Franz Josef Haydn

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Franz Josef Haydn

Franz Josef Haydn wrote quite a few concerti for piano, which have never really enjoyed the popularity of such pieces by Wolfgang Amadeus Mozart. While some accuse Haydn`s piano concerti of being too 'light' or having 'no meaning', I find those to be inaccurate surface impressions. I have found a great deal of enjoyment from these pieces of Haydn, and one of my favourites of his piano concerti is the seventh.

Haydn`s seventh piano concerto was written in the key of F Major, and is in incredibly cheerful work. One of my favourite things to do with this piece was to play it on a CD player at work. It seems, at least for me, to go well into the background, and doesn`t really require full attention to be effective. I have, of course, given it full attention, and it is superb either way; it is a piece of music to cheer a bad mood, or provide happy background sound to any environment.

In the first movement, an allegro moderato, the piano starts by playing with the orchestra, which was not found in the concerti of Mozart or most other contemporaries. I find it to be a good move on Haydn`s part, providing what approaches the ear as added happiness. The sound of the piano with the orchestra seems to make it seem somehow more alive and vibrant than it would with orchestra alone. The melody is, of course, in Haydn`s usual cheerful style, intended to bring entertainment and pleasant emotions. The orchestral opening has a sort of climax with a fugue, that repeats later in the movement in modified form; I always love fugues!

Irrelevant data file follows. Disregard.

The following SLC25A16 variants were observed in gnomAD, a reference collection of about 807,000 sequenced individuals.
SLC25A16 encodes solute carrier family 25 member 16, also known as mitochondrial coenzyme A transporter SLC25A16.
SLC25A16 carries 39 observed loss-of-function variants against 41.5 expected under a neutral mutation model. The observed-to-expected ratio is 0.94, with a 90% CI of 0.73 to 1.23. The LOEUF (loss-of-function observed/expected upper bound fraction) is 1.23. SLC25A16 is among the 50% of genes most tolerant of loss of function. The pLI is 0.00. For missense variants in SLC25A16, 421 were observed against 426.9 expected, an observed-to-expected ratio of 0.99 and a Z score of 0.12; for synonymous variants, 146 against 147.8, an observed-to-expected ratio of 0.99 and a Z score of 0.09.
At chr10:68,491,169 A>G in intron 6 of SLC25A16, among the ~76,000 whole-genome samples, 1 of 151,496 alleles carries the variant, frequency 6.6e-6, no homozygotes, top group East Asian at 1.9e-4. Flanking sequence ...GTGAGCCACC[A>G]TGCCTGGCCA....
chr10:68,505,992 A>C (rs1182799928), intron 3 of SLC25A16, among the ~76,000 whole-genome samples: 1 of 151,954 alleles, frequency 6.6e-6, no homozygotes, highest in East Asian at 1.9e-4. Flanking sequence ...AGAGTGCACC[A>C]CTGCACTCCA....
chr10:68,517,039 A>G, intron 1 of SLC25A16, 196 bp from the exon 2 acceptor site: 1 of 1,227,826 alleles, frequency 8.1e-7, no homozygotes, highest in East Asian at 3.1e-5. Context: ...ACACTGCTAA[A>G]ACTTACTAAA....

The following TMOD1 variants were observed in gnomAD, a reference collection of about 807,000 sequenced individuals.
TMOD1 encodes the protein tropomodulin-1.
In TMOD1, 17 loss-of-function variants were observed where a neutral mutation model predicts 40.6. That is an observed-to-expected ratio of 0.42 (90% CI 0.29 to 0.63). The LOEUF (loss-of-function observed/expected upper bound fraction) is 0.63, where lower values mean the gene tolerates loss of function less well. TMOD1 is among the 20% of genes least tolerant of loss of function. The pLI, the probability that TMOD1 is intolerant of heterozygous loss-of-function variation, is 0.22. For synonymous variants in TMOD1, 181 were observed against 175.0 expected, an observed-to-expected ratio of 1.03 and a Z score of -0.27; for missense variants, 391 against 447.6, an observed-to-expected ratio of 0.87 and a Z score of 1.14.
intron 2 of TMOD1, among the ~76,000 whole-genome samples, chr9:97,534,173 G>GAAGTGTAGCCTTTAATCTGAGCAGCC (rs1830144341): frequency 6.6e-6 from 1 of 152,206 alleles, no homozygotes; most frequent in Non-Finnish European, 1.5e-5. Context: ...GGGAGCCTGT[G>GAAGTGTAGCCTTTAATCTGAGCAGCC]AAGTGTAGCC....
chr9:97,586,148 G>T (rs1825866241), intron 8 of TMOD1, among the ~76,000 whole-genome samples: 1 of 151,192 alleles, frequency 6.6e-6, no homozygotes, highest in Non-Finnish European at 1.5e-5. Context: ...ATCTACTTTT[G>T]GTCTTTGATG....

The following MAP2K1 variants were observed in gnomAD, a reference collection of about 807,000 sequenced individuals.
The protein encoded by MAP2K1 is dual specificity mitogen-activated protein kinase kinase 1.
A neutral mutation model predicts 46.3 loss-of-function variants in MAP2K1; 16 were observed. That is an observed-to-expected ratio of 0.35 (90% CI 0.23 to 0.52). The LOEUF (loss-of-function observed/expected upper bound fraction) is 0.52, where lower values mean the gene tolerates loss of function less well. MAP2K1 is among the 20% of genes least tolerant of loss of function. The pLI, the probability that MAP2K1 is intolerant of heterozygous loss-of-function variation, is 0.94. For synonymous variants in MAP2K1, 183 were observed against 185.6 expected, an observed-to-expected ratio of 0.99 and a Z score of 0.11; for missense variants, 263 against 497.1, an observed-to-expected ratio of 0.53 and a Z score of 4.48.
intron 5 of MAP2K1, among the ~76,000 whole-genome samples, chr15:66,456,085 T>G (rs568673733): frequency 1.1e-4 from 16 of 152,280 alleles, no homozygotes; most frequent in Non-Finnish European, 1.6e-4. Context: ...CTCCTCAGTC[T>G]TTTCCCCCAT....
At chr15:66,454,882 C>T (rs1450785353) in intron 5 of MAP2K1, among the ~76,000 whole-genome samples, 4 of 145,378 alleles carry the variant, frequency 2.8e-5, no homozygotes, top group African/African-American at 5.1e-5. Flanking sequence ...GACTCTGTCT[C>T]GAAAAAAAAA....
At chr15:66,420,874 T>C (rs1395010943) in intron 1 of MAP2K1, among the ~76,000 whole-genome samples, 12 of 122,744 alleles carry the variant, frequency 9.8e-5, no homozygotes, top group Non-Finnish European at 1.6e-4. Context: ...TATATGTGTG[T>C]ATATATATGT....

The second movement, andante, opens with a fluid piano solo introducing the theme quietly. Then, the orchestra takes it over. Everything has a soothing feel to it, bringing relaxation to the listener. It is wonderfully calming and the orchestra comes in occasionally to supplement the piano, which is often alone. The movement is very short, soon fading into silence.

In the third movement comes the fantastic ending of the seventh piano concerto, a cheerful presto. The opening piano/orchestral introduction of the theme is one of the most cheerful examples of concerto writing I have ever heard, and the entire movement alternates between this wonderful melody and some calming moments. The orchestra is often there to emphasize the piano, until together they introduce a climax of the sort that causes one to whistle and think on those few seconds for hours.
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